|

Re: Ampere to get rational redefinition

 In reply to this post by Daniel-257 On 1/16/2014 5:29 AM, Daniel wrote: > On 16/01/2014 12:35 AM, Sailfish wrote: >> REF: >> http://www.nature.com/news/ampere-to-get-rational-redefinition-1.14512>> >> [excerpt quote=\" >> At present, an ampere is defined as the amount of charge flowing per >> second through two infinitely long wires one metre apart, such that the >> wires attract each other with a force of 2×10-7 newtons per metre of >> length. That definition, adopted in 1948 and based on a thought >> experiment that can at best be approximated in the laboratory, is clumsy >> — almost as much of an embarrassment as the definition of the kilogram, >> which relies on the fluctuating mass of a 125-year-old >> platinum-and-iridium cylinder stored at the International Bureau of >> Weights and Measures (BIPM) in Paris. >> \" /] >> >> Electronics! >> >> Meet the new math. > > That definition of the Ampere doesn't ring a bell with what I was fed > forty-odd years ago, but, then, my memory isn't what it was forty-odd > years ago, either!! > No resemblance, and not even vaguely related to how it applies to real-world cases. _______________________________________________ general mailing list [hidden email] https://lists.mozilla.org/listinfo/general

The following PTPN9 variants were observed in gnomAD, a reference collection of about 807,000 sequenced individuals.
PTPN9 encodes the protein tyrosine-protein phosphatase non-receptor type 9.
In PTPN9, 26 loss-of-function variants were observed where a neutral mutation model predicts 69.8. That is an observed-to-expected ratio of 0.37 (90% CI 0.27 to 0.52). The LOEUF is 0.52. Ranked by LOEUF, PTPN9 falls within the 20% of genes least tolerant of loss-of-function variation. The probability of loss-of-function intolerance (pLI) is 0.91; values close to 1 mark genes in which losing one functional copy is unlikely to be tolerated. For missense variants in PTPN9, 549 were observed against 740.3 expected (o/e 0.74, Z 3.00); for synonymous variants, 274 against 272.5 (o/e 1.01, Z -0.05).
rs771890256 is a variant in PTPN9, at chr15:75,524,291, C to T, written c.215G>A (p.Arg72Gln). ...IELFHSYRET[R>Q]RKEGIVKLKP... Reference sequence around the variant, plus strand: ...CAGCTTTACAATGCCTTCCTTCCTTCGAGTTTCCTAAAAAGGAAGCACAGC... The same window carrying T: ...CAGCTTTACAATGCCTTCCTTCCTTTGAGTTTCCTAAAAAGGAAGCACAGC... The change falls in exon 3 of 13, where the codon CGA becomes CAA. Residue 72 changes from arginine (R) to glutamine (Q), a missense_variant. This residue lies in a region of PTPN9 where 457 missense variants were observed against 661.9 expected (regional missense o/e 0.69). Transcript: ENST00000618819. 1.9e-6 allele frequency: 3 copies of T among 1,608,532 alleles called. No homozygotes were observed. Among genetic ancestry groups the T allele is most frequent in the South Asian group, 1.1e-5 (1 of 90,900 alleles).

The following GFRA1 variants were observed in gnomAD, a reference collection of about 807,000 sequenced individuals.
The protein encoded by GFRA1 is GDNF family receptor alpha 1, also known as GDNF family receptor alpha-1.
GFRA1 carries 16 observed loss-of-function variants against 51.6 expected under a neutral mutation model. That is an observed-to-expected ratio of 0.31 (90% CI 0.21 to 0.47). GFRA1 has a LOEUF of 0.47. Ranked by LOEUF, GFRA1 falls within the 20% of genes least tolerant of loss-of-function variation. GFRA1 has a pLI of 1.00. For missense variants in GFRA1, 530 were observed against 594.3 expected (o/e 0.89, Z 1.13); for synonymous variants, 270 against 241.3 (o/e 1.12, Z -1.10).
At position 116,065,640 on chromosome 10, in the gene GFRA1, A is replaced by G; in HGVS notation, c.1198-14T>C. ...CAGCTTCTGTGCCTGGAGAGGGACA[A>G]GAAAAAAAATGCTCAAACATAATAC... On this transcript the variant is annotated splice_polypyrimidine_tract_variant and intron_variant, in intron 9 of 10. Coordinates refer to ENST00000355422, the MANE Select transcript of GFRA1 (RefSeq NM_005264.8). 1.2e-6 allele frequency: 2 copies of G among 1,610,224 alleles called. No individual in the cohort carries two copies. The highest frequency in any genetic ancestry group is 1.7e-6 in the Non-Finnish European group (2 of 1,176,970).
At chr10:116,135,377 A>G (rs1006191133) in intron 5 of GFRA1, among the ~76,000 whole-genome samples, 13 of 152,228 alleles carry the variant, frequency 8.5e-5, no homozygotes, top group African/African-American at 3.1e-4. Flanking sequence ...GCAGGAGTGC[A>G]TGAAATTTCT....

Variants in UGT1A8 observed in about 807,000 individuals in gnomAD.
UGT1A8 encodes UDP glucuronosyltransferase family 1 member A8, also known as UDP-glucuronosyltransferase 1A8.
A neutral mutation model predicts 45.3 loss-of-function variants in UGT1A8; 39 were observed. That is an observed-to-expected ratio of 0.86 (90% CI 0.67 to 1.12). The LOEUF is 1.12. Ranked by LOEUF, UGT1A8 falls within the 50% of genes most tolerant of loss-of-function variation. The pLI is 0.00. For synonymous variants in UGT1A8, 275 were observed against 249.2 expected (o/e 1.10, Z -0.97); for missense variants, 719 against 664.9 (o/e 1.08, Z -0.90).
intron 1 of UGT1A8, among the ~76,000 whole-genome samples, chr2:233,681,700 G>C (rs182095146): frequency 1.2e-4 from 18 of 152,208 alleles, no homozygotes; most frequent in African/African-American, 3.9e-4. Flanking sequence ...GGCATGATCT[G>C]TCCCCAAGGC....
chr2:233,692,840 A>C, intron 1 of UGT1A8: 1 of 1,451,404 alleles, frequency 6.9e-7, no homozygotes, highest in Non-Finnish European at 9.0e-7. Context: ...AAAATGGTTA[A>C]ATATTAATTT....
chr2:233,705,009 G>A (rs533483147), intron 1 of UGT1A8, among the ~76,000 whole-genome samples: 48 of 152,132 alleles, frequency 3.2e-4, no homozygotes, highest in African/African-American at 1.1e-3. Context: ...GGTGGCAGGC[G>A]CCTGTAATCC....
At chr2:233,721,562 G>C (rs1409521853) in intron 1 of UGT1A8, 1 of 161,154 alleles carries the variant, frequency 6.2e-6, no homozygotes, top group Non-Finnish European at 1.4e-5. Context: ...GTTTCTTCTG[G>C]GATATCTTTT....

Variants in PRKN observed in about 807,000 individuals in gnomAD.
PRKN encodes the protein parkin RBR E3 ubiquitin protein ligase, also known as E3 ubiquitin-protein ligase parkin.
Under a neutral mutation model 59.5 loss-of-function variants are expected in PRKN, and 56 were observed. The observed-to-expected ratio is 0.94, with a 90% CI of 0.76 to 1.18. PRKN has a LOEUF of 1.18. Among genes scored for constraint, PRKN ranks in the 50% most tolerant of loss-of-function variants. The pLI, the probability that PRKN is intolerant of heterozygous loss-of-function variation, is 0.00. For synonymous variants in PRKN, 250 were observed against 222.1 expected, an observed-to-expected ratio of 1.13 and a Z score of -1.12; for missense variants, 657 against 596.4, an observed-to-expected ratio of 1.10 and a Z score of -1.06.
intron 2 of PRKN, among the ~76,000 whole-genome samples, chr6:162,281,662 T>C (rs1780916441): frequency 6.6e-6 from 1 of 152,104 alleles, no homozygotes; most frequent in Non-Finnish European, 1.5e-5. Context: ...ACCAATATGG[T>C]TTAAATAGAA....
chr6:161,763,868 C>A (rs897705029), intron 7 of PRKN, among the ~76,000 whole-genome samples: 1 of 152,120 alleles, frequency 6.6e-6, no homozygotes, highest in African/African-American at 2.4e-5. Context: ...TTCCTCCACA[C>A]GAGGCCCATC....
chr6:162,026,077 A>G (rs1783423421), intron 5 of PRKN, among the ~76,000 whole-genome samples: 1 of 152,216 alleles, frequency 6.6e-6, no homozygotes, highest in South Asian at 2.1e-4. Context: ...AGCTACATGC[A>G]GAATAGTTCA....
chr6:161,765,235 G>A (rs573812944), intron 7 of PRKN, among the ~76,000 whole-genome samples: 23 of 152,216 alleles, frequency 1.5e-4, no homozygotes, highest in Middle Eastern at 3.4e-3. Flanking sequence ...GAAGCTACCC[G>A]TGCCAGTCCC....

Open this post in threaded view
|

Re: Ampere to get rational redefinition